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Elephant seals are large semi-aquatic mammals in suborder Pinnipedia (pinnipeds) known for their large snouts (from which they get their name) and tremendous bulk. There are two species of elephant seal: the Southern Elephant Seal, found on various southern islands and the coasts of New Zealand, South Africa, and Argentina, and the Northern Elephant Seal, found on the Pacific coast of North America, all the way to Mexico.
Male elephant seals of both species grow to 16 ft (5 m) in length, with a weight of 6,000 lb (3,000 kg), while the females are about 60% in length and 30% in weight. During breeding season, males acquire harems of 40 to 50 females and do battle over them. The species' tremendous noses are used to make loud roaring noises, and aside from mere posturing, some battles are to the death. Elephant seals exhibit significant gender differentiation, with males clearly distinguishable from females.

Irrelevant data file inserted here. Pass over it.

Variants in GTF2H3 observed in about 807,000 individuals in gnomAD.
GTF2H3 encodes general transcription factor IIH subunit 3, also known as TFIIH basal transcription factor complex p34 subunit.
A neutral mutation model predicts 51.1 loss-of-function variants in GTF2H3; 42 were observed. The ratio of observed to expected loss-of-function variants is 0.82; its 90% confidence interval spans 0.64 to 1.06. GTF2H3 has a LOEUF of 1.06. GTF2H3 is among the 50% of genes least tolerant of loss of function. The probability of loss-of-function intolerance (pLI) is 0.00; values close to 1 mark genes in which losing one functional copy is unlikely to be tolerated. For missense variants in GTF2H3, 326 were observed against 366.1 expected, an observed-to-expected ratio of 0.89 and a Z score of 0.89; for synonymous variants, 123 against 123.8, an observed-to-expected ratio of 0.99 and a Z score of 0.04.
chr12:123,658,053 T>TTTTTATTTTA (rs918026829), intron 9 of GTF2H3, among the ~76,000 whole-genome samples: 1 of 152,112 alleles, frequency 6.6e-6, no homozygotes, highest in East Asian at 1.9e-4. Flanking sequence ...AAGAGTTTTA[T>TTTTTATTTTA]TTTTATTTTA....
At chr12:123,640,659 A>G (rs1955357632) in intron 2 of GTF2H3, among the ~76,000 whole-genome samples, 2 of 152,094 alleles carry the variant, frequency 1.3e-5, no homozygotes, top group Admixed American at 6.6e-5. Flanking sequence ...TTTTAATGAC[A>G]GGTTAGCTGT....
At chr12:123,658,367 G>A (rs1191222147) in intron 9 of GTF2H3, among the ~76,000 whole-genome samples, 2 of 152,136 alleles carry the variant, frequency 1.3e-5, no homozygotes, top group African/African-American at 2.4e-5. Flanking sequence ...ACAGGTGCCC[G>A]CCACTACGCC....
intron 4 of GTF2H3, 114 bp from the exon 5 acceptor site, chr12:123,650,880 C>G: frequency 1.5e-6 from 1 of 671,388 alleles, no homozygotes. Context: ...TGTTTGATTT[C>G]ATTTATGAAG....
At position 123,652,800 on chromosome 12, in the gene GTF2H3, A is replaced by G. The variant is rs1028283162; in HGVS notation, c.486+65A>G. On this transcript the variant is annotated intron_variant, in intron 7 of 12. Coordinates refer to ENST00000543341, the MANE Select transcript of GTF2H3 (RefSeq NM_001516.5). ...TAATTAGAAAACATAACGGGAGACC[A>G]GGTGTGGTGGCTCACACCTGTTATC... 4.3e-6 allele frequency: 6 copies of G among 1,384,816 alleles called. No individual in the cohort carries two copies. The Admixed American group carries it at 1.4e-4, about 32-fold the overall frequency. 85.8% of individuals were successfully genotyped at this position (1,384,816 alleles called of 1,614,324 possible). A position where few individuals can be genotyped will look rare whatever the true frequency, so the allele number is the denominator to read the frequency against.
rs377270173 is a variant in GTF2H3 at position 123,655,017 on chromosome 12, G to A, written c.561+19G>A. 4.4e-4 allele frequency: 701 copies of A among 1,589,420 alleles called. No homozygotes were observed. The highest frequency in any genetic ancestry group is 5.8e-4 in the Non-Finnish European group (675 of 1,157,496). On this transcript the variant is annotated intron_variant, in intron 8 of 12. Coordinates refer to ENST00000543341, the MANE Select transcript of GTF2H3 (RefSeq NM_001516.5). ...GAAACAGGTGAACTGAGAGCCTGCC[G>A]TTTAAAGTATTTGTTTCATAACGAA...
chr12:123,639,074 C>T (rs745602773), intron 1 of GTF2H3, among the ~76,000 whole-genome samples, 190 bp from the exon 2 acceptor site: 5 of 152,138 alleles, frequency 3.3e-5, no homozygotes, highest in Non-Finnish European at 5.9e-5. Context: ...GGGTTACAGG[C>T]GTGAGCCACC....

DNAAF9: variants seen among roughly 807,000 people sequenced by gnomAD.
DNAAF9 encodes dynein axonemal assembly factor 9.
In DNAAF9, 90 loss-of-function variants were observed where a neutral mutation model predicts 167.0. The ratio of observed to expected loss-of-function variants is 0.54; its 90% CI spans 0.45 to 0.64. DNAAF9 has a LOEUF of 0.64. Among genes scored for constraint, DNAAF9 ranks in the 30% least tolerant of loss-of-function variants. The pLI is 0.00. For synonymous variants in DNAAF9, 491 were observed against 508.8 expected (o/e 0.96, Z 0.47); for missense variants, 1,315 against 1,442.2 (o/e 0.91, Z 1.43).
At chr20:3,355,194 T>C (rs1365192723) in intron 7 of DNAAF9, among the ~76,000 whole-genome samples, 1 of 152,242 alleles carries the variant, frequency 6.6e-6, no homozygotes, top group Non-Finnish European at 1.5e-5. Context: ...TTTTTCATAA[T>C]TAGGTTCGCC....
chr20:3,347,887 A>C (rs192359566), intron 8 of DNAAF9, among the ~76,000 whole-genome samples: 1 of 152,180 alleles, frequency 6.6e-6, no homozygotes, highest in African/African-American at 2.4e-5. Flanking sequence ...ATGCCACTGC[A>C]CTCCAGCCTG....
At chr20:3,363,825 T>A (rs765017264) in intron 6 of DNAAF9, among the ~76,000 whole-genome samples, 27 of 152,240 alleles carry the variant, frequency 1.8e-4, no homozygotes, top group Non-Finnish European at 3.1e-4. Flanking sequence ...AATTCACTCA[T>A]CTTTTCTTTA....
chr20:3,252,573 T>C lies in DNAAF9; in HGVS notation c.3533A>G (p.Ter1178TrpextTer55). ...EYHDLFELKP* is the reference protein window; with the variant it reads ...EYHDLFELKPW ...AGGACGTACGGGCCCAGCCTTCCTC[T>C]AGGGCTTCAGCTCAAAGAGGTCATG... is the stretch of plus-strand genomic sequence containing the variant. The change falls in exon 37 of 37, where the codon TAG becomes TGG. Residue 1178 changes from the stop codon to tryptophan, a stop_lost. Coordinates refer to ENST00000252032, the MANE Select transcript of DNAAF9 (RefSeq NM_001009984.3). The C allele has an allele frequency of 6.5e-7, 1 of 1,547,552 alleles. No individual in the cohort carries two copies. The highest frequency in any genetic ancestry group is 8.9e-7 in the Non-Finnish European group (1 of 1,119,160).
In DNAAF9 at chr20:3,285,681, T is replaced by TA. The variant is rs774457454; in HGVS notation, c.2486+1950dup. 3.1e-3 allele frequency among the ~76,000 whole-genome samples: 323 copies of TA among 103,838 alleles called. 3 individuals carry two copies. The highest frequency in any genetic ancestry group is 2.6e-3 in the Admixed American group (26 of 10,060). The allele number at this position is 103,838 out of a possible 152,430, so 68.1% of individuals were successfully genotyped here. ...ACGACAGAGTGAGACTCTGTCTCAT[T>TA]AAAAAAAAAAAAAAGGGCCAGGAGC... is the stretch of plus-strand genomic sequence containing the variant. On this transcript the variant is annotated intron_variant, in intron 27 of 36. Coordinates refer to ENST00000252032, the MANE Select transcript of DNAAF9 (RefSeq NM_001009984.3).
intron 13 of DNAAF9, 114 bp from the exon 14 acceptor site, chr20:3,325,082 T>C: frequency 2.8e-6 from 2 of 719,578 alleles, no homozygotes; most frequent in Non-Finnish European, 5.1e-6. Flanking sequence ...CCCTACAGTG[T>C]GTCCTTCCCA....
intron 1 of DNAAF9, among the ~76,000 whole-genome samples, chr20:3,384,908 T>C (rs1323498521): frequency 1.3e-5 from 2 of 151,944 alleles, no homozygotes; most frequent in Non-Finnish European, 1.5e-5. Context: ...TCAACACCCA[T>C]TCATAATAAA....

Elephant seals are both the largest of any type of seal and the largest living member of order Carnivora, which includes bears, dogs, lions, walruses, and many other familiar mammalian carnivores. Though elephant seals live relatively close to many populated coasts, they are rarely seen by people there, preferring to frequent remote islands. Like other seals, elephant seals consume skates, rays, octopuses, eels, fish, and squid, but supplement this diet even with small sharks.
Elephant seals spend 80% of their lives in the water, and can hold their breath for 80 minutes, the longest of any mammal except for whales. The average dive is 300 to 600 meters (1000 - 2000 ft), but the deepest recorded is 2000 m (6,500 ft, more than a mile), deep into regions without light. Adapted for deep dives in cold water, elephant seals are surrounded by a layer of blubber several inches thick, which is mostly responsible for their large bulk.
Elephant seals have special adaptations to have a large volume of blood to store oxygen for long dives. Their abdomens contain large blood-holding cavities, and their muscles are specially capable of holding blood. In addition, elephant seals have a larger proportion of oxygen-carrying red blood cells in their blood than most other animals.
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